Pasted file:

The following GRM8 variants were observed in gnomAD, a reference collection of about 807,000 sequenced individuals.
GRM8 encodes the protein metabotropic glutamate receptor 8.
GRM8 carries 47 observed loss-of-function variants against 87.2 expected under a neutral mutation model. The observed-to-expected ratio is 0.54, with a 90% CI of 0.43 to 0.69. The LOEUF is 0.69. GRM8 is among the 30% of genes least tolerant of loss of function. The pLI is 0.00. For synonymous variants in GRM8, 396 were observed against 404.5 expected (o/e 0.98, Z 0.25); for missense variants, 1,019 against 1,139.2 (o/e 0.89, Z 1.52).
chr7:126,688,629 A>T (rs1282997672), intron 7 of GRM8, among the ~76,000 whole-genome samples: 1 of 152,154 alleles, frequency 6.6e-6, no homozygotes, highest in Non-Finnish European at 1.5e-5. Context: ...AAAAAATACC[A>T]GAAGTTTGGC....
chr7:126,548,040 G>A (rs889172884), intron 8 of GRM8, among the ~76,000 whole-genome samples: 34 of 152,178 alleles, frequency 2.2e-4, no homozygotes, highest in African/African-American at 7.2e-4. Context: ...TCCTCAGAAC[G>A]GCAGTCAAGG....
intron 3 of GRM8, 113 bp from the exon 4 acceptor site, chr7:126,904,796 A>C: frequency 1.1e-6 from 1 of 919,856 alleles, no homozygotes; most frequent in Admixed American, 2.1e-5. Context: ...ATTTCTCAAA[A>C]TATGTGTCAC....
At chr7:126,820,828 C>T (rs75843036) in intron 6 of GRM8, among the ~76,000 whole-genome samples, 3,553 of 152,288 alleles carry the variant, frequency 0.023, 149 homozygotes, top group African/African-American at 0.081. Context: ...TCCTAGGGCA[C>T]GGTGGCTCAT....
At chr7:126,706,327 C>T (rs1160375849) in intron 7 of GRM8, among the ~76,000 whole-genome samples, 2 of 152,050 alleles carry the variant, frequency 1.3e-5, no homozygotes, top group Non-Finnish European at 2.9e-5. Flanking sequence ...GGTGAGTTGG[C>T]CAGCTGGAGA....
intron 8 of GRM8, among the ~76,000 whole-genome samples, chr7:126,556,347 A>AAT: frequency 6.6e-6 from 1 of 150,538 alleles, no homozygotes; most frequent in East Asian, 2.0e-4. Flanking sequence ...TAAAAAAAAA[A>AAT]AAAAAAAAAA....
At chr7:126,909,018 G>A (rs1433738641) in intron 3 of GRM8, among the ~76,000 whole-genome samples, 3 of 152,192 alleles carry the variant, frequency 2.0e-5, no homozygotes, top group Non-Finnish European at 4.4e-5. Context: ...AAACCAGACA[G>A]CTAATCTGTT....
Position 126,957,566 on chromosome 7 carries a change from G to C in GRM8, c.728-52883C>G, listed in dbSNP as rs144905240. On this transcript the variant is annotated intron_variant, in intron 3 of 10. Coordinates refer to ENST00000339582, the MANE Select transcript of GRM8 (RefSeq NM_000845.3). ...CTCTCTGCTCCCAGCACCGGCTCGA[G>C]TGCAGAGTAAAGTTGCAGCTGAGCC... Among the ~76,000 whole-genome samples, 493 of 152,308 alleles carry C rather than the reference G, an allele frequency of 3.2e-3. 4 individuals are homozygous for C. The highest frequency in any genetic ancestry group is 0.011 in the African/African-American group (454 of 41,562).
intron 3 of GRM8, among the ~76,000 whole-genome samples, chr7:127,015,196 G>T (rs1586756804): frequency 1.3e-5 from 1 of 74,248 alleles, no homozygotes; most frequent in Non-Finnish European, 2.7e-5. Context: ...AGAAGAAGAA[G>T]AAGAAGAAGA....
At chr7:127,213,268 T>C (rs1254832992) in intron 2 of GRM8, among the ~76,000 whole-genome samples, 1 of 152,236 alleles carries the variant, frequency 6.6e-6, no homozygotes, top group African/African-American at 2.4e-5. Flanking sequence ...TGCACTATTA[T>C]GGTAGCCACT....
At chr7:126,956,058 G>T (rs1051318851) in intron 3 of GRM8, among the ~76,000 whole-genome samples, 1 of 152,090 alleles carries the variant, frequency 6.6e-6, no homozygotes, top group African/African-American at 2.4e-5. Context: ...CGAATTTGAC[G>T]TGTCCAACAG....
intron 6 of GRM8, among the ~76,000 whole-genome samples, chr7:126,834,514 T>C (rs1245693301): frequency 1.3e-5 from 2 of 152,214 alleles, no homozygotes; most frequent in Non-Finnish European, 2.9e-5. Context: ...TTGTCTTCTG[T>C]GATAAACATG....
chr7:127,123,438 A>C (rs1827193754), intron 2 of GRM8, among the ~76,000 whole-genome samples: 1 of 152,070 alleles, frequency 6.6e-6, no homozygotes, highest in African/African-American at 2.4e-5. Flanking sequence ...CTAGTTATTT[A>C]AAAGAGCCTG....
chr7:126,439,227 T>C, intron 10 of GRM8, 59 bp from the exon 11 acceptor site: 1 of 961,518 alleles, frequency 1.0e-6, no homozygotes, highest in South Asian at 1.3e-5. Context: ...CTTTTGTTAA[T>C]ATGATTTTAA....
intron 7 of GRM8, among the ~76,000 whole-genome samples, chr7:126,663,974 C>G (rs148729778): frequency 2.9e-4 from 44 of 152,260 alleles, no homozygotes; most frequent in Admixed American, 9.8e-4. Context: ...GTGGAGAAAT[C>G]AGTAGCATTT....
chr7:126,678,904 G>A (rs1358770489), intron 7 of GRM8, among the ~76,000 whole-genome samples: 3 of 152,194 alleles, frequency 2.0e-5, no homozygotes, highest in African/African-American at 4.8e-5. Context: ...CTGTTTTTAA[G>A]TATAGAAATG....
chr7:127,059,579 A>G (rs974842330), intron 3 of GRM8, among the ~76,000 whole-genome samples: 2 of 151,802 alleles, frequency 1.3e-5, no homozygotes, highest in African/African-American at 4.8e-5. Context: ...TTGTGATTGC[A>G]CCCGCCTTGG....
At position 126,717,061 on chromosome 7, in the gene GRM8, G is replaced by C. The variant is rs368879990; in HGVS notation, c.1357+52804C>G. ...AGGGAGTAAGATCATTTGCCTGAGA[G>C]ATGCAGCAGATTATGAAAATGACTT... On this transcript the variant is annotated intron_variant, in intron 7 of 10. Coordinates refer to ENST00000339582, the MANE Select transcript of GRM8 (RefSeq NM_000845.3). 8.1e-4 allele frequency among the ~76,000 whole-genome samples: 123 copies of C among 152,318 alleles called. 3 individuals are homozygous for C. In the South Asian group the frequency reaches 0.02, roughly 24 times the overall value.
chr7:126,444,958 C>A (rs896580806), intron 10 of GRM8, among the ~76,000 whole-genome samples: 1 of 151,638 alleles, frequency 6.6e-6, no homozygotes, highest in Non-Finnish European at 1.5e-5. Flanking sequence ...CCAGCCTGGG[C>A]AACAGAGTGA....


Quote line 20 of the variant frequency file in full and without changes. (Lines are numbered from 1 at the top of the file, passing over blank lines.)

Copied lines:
chr7:127,059,579 A>G (rs974842330), intron 3 of GRM8, among the ~76,000 whole-genome samples: 2 of 151,802 alleles, frequency 1.3e-5, no homozygotes, highest in African/African-American at 4.8e-5. Context: ...TTGTGATTGC[A>G]CCCGCCTTGG....